St. Peter's Anglican Orthodox Church
Famous Anglican/Episcopalians
Thomas Cranmer
(7/2/1489 – 3/21/1556)

was the archbishop of
Canterbury during
the reigns of the
English kings Henry
VIII and Edward VI.  
He was an influential
theologian and the co-
founder of Anglican
theological thought.  
Cranmer guided the
English Reformation
in its earliest days.
Below you will find information about famous
members from our Anglican heritage.  We
have included a number of martyrs of the
English Reformation, America's founding
fathers, U.S. Presidents, scientists, inventors,
missionaries, actors, and others.  Our form of
Christian worship has a deep and rich history.  
We feel it is important to acknowledge their
contributions to Protestantism and society.  
God bless.  
Cranmer's Contemporaries
Scholars credit Cranmer with writing and compiling the
first two Books of Common Prayer, which established
the basic structure of Anglican liturgy.  He was executed
in 1556, for heresy after bloody Queen Mary reunited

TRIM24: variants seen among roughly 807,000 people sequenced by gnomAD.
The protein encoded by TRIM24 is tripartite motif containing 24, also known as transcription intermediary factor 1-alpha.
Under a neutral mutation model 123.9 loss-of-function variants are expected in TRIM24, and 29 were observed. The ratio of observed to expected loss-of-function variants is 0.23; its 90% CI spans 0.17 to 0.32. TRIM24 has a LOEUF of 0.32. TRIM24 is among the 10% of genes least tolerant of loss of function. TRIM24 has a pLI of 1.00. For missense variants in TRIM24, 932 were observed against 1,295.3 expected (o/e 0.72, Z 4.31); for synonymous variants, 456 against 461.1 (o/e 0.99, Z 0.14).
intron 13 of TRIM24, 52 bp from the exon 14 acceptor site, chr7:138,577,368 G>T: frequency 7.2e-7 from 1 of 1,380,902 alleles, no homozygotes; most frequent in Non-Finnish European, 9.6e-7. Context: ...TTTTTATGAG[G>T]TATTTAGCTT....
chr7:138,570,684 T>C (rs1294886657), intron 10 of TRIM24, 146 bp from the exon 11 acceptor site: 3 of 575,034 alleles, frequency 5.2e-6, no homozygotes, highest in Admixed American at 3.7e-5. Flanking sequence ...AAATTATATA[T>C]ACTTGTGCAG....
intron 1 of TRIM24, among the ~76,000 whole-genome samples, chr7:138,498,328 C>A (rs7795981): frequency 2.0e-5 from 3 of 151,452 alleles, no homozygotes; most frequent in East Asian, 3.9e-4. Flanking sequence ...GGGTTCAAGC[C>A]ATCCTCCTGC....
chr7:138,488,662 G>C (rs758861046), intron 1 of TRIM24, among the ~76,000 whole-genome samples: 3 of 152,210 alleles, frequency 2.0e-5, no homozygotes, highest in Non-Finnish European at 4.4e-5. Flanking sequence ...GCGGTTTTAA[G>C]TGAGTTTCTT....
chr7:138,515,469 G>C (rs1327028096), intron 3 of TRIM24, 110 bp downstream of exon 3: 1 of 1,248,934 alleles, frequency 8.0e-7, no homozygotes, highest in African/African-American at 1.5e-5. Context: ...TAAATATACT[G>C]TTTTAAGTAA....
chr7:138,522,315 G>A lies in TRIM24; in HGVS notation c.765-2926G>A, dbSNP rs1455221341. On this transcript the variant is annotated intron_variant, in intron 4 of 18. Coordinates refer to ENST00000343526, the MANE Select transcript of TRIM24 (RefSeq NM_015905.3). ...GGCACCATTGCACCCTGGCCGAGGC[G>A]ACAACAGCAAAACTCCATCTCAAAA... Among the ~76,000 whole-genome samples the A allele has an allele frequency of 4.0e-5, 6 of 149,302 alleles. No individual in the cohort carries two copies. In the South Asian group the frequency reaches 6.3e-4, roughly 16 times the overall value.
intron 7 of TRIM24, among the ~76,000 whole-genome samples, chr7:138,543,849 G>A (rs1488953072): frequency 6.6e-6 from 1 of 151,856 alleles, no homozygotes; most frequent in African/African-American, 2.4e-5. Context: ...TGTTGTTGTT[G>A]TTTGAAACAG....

the Church of England with the Roman Catholic
Church.  Anglicans celebrate Cranmer as a martyr, in
particularly in the literature of John Foxe.  His impact
on religion in the United Kingdom was profound and
lasting.  According to John Foxe, on March 21, 1556,
they brought Cranmer in procession to St. Mary’s
Church in Oxford where he was to make a public
statement affirming his recantation. Instead, Cranmer
withdrew his recantation and denounced Catholic
doctrine and the Pope from the pulpit, reportedly
stating, "
And as for the Pope, I refuse him, as Christ's
enemy and Antichrist, with all his false doctrine.
"  After
this Cranmer was taken to be burned at the stake.  
According to Foxe's Book of Martyrs, "
Then was an iron
chain tied about Cranmer and fire set unto him. When the
wood was kindled and the fire began to burn near him, he
stretched forth his right hand, which had signed his
recantation, into the flames, and there held it so the people
might see it burnt to a coal before his body was touched. In
short, he was so patient and constant in the midst of his
tortures, that he seemed to move no more than the stake to
which he was bound; his eyes were lifted up to heaven, and
often he said, so long as his voice would suffer him, "this
unworthy right hand!" and often using the words of
Stephen, "Lord Jesus, receive my spirit", till the fury of the
flames putting him to silence, he gave up the ghost.
Acknowledgement (Full Article) -
English Reformers